There’s this one detail from the NY Times article “Our Love Affair With Shopping Malls is on the Rocks” that Sarah and I were laughing about because it seemed such a sadly apt emblem for the U.S. economy.
The economic crisis has caused shoppers to go into an essentials-only mode. But the mall has never trafficked in essentials. You can’t, for instance, fill a prescription at the Mall of America, because it doesn’t have a pharmacy. You can, however, buy a vanilla hazelnut fragrance candle in the shape of a miniature cooking skillet. Or a $13 baseball hat that looks as though it’s made of cheddar cheese. A store called Corda-Roy’s sells a variety of bean bags that convert into beds. Magnet Max sells a battery-operated guinea pig that runs continuously on a spinning exercise wheel.
It’s the battery-operated guinea pig that stuck in my mind as a little icon of pointless/wasteful U.S consumerism (and maybe of the U.S. consumer too). We went on a post-Xmas expedition to the Indianapolis “Fashion Mall” a few weeks ago and I had the thought that 80% of what was on offer constituted a sort of money-laundering operation, just in the sense that it really only exists in order to have something to spend your money on. (The heavily marked-down Christmas gifts and paraphernalia especially conveyed this impression.)
A different article in today’s Times mentions the popular iPhone application iFart: “as you can pretty much deduce from the name, it enables your $200 to $300 mobile device to emit a variety of noises simulating flatulence.” Compared to the vanilla hazelnut fragrance candles in the shape of a miniature cooking skillet, etc., though, at least the iFart application is cheap (99 cents) and will not end up in a landfill.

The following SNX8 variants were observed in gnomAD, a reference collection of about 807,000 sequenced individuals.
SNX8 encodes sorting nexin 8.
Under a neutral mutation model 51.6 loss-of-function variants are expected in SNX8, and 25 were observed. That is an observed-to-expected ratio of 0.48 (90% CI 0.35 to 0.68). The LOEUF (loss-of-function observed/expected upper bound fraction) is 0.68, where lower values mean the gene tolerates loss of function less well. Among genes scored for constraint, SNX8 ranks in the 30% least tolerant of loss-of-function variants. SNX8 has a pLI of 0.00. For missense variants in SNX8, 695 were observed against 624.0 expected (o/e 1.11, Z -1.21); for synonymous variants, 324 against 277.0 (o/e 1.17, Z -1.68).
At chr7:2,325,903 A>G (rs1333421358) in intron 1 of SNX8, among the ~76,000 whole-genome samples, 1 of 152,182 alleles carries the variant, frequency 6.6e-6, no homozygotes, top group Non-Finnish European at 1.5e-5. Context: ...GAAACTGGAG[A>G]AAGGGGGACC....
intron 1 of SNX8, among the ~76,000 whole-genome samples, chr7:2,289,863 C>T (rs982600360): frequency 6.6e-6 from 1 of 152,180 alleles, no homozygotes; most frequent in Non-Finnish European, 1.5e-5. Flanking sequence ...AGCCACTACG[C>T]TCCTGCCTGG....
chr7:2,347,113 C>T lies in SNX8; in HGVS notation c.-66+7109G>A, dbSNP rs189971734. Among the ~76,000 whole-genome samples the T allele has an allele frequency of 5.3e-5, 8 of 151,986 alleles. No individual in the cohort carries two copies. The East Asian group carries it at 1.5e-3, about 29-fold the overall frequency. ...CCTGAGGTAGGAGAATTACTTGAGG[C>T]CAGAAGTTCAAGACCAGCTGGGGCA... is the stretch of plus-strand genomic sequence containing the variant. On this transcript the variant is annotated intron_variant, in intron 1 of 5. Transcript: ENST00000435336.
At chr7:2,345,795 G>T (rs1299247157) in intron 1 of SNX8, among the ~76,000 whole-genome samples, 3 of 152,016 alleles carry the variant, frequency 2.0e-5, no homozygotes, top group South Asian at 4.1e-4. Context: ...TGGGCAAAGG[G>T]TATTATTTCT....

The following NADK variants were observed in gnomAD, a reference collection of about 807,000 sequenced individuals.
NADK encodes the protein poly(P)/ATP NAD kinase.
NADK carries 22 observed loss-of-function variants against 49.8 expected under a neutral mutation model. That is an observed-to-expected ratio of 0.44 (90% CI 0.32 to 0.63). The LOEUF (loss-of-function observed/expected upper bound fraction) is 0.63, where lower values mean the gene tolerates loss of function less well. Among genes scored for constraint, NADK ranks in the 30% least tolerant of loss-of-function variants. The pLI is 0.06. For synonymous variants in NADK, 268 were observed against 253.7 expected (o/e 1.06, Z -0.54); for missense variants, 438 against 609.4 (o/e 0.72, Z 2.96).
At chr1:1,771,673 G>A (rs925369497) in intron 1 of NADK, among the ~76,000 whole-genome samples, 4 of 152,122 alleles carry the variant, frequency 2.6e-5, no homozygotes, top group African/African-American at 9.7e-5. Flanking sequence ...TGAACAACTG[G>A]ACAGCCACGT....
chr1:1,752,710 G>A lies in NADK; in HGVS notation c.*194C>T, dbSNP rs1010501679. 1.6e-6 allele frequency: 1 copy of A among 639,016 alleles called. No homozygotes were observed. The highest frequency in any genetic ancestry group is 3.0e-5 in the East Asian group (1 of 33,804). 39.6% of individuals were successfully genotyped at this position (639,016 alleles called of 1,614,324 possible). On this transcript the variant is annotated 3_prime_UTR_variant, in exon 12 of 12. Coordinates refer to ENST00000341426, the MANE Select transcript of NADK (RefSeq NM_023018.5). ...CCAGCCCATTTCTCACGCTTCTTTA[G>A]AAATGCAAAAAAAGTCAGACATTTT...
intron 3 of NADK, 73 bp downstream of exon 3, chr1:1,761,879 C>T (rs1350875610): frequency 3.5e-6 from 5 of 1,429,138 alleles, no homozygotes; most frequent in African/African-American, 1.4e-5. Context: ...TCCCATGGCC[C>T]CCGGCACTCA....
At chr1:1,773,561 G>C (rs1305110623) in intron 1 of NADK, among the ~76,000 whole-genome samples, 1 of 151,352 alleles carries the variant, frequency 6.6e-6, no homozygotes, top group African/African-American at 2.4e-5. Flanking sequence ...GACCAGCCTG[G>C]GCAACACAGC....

By the way, speaking of guinea pigs, when we got home last night at 8:30 or so we stepped over a big garbage bag in front of our front door. It says something about our housekeeping that no one commented on it; I assumed it was something Sarah had left there for some reason. As soon as we got in the door, the phone rang; it was Steve across the street letting us know that the bag contained a load of guinea pig poop from their pets, which Sarah covets for our backyard compost heap. There’s quite a lot of traffic in guinea pig poop between the two households, although unfortunately Steve will not accept the contents of Pot Luck and Daisy’s litter box in exchange.
3 thoughts on “Battery-operated Guinea Pig Unfortunately Does Not Poop”
Great title for your post. You better watch out–some indie band is likely to swipe it for their name.
(BOGPUDNP to the fans)
And You Will Know Us By Our Trail of Guinea Pig Poop
This is in almost literally true of our household.
Do you guys need any dog shit?